The "3+1-seat" interior is accomplished by a passenger instrument panel that's moved several inches closer to the base of the windshield than the driver's. That means the front passenger will sit considerably farther forward than the driver if the rear seat on the car's right is occupied, which feels slightly odd at first. The fourth seat behind the driver is for a very, very small living creature--or more likely backpacks, bundles, and packages. Scion says it's intended for children, but we think parents would have a tough time getting offspring in and out of that rear spot.
2015 Scion iQ
The 2015 Scion iQ is best under 30 mph, which suits it for city use--but it's far less fun on the highway.
As has been the case since its introduction, the U.S.-market version of the 2015 Scion iQ offers only one combination of engine and transmission. It's a 94-horsepower, 1.3-liter four-cylinder engine paired to a belt-and-pulley continuously variable transmission (CVT). Scion has tuned its minicar to offer power when needed--by revving the engine--while attempting to minimize the "rubber band" pedal feel and sudden engine surging that make many drivers dislike CVTs.
The 2,100-pound iQ gets around town with ease. It's responsive, capable, and much more pleasant than the Smart ForTwo in urban and suburban traffic up to speeds of 40 or 45 mph. But beyond that, it starts to run short of breath. Steep hills, highway speeds, even sudden merges that require a burst of speed are all challenges for the car's small engine.
Part of the problem is that the highest ratio of the CVT actually isn't all that high, so at freeway speeds, the engine is howling along at almost 4000 rpm. This limits the car's ability to accelerate much from those velocities, since you'll need more engine speed when not much more is available. You learn pretty quickly to premeditate any high-speed passing maneuvers as a result.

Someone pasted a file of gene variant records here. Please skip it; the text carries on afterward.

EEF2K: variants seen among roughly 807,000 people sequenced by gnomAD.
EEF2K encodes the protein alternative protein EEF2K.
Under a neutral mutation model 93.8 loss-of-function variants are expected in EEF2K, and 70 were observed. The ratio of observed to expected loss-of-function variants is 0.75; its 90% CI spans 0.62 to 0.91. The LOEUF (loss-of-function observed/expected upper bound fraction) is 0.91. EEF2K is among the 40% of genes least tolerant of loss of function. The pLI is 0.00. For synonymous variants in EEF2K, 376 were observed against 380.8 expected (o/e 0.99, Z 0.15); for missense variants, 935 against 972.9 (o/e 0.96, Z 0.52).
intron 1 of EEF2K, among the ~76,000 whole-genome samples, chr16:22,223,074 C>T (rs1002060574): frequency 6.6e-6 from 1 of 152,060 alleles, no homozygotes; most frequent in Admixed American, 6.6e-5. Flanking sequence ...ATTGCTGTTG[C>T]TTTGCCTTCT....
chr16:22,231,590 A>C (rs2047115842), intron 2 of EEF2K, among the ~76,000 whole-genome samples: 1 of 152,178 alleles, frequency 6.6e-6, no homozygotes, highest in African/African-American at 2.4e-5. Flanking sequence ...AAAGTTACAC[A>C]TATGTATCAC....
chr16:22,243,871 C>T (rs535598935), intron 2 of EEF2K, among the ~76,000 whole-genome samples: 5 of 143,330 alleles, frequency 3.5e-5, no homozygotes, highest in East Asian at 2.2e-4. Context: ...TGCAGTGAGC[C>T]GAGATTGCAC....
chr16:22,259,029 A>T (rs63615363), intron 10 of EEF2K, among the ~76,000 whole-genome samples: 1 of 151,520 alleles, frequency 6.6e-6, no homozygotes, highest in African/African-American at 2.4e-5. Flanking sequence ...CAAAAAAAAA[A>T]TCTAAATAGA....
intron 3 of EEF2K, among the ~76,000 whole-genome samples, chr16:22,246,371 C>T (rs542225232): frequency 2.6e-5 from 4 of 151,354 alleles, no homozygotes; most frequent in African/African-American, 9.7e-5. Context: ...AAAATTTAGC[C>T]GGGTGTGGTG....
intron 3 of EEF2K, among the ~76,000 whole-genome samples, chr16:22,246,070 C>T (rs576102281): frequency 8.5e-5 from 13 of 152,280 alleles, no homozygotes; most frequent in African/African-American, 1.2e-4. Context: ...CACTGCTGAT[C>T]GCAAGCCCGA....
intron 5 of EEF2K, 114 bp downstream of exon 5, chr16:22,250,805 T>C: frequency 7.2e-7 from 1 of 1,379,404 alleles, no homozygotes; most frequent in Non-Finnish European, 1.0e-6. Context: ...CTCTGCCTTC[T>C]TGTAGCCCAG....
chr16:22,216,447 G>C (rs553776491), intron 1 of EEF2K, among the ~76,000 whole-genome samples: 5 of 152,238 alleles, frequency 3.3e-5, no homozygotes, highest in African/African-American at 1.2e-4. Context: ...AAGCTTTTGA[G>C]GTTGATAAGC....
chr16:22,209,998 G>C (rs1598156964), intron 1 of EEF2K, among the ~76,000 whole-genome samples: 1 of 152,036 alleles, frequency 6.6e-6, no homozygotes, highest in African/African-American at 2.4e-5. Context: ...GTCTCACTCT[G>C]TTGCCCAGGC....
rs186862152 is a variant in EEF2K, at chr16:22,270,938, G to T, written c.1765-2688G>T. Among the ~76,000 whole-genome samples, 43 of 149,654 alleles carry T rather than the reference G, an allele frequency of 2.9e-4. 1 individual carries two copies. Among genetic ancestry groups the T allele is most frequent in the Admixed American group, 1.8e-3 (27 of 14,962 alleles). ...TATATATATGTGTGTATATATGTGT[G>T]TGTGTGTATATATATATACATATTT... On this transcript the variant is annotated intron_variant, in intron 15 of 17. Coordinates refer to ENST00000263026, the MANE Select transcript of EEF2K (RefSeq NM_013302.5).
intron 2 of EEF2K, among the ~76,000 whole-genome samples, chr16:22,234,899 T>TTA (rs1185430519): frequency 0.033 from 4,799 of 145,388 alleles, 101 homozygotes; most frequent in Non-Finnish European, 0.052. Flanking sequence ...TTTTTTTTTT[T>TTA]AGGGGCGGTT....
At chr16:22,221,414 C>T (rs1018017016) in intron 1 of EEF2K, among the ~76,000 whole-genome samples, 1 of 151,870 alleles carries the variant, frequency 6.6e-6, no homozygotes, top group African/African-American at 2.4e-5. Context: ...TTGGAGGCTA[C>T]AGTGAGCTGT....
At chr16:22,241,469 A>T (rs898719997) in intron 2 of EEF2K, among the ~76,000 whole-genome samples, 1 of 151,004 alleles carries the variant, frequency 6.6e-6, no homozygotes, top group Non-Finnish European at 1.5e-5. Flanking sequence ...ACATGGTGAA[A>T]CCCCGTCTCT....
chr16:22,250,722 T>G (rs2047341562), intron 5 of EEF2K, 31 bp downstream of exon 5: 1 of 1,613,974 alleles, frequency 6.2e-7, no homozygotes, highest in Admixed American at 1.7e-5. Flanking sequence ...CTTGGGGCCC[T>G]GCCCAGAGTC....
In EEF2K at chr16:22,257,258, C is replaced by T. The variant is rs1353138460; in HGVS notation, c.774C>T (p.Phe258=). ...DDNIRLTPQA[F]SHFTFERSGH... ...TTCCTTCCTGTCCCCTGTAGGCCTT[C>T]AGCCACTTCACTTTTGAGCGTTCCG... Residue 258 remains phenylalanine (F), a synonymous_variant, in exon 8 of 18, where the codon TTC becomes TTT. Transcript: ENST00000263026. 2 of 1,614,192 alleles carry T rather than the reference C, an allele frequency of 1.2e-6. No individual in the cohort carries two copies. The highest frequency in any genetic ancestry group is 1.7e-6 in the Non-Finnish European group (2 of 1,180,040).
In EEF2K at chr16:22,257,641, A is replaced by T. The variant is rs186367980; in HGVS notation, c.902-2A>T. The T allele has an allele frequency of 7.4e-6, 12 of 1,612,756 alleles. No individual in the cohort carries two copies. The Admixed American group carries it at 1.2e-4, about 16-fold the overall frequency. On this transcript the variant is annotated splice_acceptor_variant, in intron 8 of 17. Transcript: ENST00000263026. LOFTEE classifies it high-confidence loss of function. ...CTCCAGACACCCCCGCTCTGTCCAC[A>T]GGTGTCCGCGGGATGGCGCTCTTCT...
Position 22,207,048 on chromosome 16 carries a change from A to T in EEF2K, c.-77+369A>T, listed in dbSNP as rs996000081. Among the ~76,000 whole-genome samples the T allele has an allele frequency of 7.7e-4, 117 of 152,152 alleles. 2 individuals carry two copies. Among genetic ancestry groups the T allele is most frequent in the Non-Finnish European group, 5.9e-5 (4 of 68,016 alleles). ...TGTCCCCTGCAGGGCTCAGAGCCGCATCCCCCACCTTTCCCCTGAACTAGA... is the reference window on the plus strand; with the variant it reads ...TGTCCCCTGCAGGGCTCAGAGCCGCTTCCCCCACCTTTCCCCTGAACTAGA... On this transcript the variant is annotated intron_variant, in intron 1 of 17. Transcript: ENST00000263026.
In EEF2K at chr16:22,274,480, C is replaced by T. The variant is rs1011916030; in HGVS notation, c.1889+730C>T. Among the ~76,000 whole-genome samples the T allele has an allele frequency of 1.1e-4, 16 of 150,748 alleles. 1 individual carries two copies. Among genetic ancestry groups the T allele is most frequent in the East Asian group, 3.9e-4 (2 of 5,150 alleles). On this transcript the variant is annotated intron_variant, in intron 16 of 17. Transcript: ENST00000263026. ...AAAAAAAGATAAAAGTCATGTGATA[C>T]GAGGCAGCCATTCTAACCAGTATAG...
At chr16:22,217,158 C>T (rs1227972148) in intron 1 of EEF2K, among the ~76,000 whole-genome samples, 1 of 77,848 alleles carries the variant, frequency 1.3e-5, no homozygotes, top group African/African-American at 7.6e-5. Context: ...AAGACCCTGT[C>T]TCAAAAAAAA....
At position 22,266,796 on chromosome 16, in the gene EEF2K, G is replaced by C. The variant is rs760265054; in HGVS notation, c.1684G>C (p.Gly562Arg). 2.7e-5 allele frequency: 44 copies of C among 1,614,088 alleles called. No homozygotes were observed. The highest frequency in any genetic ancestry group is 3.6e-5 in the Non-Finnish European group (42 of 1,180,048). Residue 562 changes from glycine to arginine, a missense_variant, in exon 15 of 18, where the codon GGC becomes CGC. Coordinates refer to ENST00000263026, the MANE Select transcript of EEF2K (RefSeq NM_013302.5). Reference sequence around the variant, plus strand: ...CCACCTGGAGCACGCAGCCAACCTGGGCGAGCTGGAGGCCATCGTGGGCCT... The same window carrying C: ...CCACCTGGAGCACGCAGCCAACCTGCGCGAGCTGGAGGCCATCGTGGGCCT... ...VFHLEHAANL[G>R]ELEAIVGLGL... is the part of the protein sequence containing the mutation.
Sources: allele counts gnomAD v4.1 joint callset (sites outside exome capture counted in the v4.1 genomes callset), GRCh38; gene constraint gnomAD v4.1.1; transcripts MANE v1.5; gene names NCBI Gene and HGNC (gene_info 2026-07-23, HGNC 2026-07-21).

Still, the CVT beats the automated manual found in the Smart, which is neither smooth nor particularly good at anticipating your needs. We might prefer a manual transmission, which is offered in other markets, but it's likely kept out of our market for fuel-economy considerations, and so that the low-volume car can be offered in just one powertrain configuration.
Somehow, even with the CVT, the Scion iQ pulls off the trick of feeling responsive while actually being quite slow: 11.8 seconds from 0 to 60 mph. That's performance reminiscent of 1980s econoboxes. The good handling helps a lot; the iQ is as wide as a subcompact, and has large wheels, so it feels firmly planted to the road and drives like a somewhat larger, heavier car.
City dwellers will adore the 25.8-foot turning circle, among the tightest of any car on the market. U-turns are possible almost anywhere, with a turning radius only 3 feet longer than the car itself. The brakes are good in all circumstances, despite being discs in front but only drums at the rear, and the electric power steering has been tuned to offer quick maneuverability at lower speeds while reducing wander on highways. And of course it's easy to park, since you're simultaneously at the front and the back.
2015 Scion iQ
Comfort & Quality
The 2014 Scion iQ has a decent ride, and a spacious, clever interior, but the cheap materials inside spoil the effect
The 2015 Scion iQ holds the distinction of being the shortest car with four seats sold in the U.S. But that's pretty much a technicality, as one of those seats--the one behind the driver--isn't usable by an adult, and we doubt that the seat behind the passenger will ever be used for something larger than a backpack or laundry bag. So it's somewhat of a dubious distinction.